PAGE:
Juicing mint for fresh breath and digestion can go a long way towards helping you naturally resolve stinky close-ups and keep a happy stomach. Mint also makes the best tasting juices.
Mint is an ingredient in pretty much every toothpaste and mouthwash brand you can think of. To be honest I’ve never really questioned this fact, other than assuming that this is due to mint’s natural ability to make my breath smell fresh and minty. But there’s so much more to mint!
Mint has germicidal qualities that prevent bacterial growth inside the mouth and clean the teeth and tongue. This is why our ancestors rubbed fresh mint on their teeth and gums before the invention of toothpaste and toothbrushes. Now here’s a fun fact: The first bristle toothbrushes were invented by the ancient Chinese who made them with the bristles from the necks of cold climate pigs!
Thankfully we’ve moved away from that, but that doesn’t mean our ancestors didn’t know what they were doing. Mint has traditionally been used for abdominal cramps, sore throats and bad breath, while it also helps sooth the stomach and promote digestion.
Mint is also really good for nausea and motion sickness and can help alleviate the symptoms of morning sickness. It is used for respiratory disorders and coughs (which is why it’s found in most cough syrups), and clearing up congestion that results from asthma and colds. It can even inhibit the release of histamines, which cause hay fever and allergies.
Of course, the easiest way to get your daily mint is to add it to morning or midday juice. A fresh dose of the powerful herb is believed to have cancer-fighting powers, no doubt due to the numerous enzymes it contains. It’s great for acne and reducing wrinkles (you can even rub mint juice directly on your face for younger looking skin).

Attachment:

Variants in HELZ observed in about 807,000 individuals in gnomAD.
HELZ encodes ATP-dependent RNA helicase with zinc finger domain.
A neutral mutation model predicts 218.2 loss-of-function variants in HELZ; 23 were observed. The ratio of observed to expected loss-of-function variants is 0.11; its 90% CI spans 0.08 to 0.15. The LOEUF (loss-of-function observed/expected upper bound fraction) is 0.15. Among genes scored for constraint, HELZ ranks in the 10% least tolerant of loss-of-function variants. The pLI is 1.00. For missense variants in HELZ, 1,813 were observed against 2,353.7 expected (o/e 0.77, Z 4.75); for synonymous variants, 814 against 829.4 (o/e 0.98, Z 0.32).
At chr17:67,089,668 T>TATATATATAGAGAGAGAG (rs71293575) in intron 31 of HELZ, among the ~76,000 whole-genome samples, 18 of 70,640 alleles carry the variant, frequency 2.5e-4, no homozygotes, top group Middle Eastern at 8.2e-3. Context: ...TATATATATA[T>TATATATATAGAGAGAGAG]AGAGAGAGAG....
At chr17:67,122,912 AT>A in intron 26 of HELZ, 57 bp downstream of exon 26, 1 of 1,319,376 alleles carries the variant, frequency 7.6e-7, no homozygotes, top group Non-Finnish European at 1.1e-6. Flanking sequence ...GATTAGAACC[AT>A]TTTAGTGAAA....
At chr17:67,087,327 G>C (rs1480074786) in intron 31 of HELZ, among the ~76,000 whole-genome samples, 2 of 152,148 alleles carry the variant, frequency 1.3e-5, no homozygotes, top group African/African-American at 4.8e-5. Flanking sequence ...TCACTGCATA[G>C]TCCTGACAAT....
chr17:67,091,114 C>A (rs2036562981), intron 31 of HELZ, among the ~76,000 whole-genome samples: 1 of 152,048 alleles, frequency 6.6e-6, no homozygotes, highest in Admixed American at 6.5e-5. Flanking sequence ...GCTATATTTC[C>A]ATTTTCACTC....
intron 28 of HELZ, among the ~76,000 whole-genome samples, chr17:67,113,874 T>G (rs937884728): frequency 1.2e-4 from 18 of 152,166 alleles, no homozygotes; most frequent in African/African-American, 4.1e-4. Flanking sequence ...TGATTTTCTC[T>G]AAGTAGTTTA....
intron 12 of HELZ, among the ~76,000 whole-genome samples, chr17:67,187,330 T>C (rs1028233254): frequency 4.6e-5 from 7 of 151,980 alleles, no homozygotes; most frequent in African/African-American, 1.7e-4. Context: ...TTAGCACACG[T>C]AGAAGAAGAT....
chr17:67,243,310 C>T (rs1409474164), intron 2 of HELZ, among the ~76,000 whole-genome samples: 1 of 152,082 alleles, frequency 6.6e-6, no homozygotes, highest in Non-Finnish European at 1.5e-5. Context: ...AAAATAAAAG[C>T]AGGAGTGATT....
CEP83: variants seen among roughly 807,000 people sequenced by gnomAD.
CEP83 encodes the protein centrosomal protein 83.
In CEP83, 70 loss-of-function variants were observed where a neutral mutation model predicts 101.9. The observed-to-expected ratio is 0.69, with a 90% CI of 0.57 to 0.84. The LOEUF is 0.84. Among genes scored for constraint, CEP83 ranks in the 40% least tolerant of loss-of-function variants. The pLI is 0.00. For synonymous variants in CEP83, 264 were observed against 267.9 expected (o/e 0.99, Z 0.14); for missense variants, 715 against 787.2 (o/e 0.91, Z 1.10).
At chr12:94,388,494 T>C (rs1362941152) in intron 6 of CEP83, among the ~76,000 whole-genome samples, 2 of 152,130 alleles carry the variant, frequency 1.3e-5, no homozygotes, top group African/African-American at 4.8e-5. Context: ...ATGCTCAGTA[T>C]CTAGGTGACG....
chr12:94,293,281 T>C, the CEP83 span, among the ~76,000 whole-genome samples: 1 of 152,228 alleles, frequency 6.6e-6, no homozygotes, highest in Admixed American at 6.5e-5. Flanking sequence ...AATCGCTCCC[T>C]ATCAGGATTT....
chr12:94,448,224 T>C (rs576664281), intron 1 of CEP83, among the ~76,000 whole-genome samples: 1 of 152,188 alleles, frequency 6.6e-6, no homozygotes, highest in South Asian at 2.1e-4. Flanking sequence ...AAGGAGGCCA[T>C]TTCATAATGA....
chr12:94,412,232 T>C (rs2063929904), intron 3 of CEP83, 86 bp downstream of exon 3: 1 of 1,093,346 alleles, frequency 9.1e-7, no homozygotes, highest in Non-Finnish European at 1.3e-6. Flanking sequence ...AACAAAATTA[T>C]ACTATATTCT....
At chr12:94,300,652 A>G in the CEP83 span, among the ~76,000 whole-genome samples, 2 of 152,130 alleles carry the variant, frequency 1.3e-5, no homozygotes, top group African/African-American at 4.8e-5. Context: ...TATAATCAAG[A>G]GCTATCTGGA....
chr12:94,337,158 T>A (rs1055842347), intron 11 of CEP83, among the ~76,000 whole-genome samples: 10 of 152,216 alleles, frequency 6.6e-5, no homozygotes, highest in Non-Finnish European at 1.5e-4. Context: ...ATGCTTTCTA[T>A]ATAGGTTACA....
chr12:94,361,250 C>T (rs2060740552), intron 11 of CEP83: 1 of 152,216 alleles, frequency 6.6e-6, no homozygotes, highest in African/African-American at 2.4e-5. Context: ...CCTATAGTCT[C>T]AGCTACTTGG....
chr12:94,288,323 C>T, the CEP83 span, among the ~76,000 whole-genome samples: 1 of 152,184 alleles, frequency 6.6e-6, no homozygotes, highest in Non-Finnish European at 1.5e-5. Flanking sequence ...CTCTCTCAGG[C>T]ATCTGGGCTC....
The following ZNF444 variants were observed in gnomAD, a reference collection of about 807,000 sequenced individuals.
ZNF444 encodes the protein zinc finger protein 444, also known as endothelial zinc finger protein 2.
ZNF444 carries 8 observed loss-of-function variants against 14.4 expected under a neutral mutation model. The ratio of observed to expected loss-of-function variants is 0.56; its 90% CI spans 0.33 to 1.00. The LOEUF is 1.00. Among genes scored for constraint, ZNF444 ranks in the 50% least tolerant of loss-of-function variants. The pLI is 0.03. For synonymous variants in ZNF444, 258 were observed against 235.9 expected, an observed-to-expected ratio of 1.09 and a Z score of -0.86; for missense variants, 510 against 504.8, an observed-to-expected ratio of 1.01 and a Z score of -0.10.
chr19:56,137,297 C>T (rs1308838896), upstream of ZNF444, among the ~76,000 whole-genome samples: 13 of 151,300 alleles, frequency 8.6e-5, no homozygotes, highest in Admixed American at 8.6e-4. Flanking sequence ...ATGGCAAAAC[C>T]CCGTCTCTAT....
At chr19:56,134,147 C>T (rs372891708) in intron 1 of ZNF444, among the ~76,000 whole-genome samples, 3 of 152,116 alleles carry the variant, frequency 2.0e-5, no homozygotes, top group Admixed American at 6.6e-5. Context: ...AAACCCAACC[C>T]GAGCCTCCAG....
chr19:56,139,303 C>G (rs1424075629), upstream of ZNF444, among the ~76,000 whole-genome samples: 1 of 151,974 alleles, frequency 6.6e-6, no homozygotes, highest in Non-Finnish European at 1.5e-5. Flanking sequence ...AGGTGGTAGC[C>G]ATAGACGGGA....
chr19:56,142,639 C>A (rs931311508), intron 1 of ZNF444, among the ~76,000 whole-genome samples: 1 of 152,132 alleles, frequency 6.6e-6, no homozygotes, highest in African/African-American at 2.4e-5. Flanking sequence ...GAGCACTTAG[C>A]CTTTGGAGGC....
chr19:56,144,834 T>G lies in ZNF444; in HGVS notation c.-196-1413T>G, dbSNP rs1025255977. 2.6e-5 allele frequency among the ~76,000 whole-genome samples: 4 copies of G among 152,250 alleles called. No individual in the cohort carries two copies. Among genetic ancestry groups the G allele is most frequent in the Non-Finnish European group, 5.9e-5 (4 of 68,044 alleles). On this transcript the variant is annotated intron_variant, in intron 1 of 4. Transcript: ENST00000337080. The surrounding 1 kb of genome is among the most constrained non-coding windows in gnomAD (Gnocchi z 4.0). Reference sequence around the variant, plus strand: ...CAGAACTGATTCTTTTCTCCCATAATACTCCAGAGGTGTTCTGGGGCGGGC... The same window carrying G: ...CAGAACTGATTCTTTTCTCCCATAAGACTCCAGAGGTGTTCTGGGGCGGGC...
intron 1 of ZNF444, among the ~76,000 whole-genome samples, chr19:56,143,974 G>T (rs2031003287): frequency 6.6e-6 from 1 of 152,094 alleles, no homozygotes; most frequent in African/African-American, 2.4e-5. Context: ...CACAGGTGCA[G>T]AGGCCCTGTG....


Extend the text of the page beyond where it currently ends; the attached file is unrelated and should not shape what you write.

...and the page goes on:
Though you can chew mint for many of the same effects, the only way to really bring the true deliciousness of mint to life is to juice it. Combine it with lemon and cucumber or perhaps ginger and apple, for example - there’s an incredible array of wonderfully delicious mint juice combinations out there – to add a spring to your step as well as that wonderful, confident feeling of fresh smelling breath!
This brings me to the obvious question, why not just chew gum? If you’re been juicing for a while now, you’re probably aware that gum isn’t the most environmentally friendly substance out there. Apart from the fact that it’s the second most common form of litter and has to be physically removed because it doesn’t biodegrade, gum is pretty bad for you in general.
Though it’s popularly believed to help you eat less, a study published in the journal Eating Behaviors found that chewing mint-flavored gum reduced the overall intake of health food (fruit and veg) and increased the likelihood of eating junk food. Researchers believe this is because the minty flavour of the gum makes fruit and vegetables taste bitter!
Chewing gum can lead to jaw pain, and even contribute to IBS, as you swallow extra air when chewing, which contributes to abdominal pain and bloating. Gums is also chock full of sugar (unless you buy sugar-free) and artificial sweeteners such as sorbitol and mannitol (unless you buy gum with xylitol) which can cause diarrhea and tooth decay! Chewing gum also contains Lanolin, a waxy ingredient which makes chewing gum soft and is derived from sheep wool (vegans beware). If you’ve got fillings, chewing gum can release the mercury from them into your system – a known neurotoxin. Eek. So rather go the natural route and juice some fresh mint, you’ll love the taste and your body will thank you for it.
Because often if you have bad breath, it could be a sign your are having digestive troubles. This juice recipe is a great digestive juice remedy great to drink after a meal.
Juice the celery, kale, fennel, lemons and mint together. Add aloe vera juice and mix. Serve immediately.